Things became even worse in the post-Maidan period. The same author’s history book for 7th graders does not even mention Russian north-eastern principalities in the 12th century known as a time of political disunity. However, it claims that the main reason for disunity was “the different ethnic composition” of Russian lands (Vlasov, 2015: 98), which suggests that the ethnically different (!) Ukrainian, Belarusian, and Russian peoples already existed in Kievan Rus by the middle of the 12th century. Russia appears in the textbook when the narration comes to the end of the 15th century and is described as the “Tsardom of Muscovy” hostile to “Ukrainians” (a factual mistake because Russia became the tsardom only in the middle of the 16th century), which “under the pretext of consolidating the ‘Russian heritage’” started to lay claims to Ukrainian and Belarusian lands (Vlasov, 2015: 168). Again, there is a factual mistake, even two mistakes: a) there were no “Ukrainian” or “Belarusian” lands at that time yet since there was neither Ukraine nor Belarus. There were only lands of the Grand Duchy of Lithuania; b) at the end of the 15th century, the Grand Principality of Moscow did not lay any claims to the so-called “Belarusian” lands, but the author for some reason calls Smolensk “Belarusian” (Vlasov, 2015: 169).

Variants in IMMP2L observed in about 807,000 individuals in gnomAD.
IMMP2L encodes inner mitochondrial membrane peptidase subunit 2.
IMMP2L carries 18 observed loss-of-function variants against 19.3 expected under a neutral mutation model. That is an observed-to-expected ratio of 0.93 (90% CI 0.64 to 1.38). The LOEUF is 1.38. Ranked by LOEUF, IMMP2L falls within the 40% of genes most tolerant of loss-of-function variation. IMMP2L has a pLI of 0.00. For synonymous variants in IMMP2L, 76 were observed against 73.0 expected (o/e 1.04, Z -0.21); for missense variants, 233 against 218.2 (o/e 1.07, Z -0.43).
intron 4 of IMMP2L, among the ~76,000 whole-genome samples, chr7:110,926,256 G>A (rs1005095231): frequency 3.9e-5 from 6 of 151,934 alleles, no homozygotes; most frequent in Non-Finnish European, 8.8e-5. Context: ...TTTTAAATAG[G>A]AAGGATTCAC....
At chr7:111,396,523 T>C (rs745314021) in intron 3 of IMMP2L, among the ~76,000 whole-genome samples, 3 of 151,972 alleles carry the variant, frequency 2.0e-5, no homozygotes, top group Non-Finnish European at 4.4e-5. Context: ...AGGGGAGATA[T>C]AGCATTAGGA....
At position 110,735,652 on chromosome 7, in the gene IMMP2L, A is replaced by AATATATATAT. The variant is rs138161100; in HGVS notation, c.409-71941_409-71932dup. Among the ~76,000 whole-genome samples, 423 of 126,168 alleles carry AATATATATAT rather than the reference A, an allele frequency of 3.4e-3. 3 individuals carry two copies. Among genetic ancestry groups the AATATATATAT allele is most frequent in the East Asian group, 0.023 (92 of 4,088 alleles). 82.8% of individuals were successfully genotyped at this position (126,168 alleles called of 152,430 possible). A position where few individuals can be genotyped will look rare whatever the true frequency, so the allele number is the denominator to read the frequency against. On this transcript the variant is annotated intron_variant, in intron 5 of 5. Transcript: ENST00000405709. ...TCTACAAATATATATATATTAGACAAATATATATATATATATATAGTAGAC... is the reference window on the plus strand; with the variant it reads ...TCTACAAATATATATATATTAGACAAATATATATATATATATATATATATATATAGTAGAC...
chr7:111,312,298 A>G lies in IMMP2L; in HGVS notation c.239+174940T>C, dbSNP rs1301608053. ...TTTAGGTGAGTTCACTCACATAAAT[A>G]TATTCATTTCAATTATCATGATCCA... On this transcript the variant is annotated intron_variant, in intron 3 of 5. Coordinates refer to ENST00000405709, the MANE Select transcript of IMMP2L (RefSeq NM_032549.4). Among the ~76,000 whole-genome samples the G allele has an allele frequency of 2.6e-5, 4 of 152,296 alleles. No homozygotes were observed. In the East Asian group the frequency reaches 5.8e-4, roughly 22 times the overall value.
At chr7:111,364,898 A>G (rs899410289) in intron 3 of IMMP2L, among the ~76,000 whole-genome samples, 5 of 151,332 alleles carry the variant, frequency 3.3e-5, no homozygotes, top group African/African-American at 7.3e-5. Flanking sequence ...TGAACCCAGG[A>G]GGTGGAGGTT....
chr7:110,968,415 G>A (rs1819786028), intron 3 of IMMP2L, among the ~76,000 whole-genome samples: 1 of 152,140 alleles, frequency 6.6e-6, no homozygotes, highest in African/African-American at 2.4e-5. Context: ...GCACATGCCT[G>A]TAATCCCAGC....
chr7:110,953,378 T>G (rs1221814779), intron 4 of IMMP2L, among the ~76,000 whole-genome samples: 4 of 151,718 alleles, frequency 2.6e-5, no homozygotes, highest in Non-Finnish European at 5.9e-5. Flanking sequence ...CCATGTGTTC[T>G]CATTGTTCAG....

One would think these are just minor things, but it is these minor things that mold the understanding of history and lead young Ukrainians to think for years ahead that Russia has been a historical enemy of Ukraine for centuries. Ukrainians and ethnic Russians have been taught such falsified “minor things” for more than twenty years. As a result, many young and middle-aged Ukrainians think of themselves as a God-chosen nation, the only successors of Kievan Rus, and genuine Europeans, thus justifying their “European choice” (Maidan protests are sometimes referred to as Euromaidan). They do not regard Russians even as Slavs, and call them Finno-Ugrians or descendants of Mongols. To them, all Russians are barbaric Asians, “sovoks” and “slaves.” There is a dangerous split in the minds of these Ukrainians. On the one hand, they call for abandoning the “Russian” past completely, including the Russian language, Russian literature, and Russian culture. One the other hand, they proclaim some of the Russian writers, painters, composers, and inventors Ukrainian. The same dangerous split of mind exists in everyday life: calls for severing all ties with Russia go hand in hand with trips to Russia for employment purposes.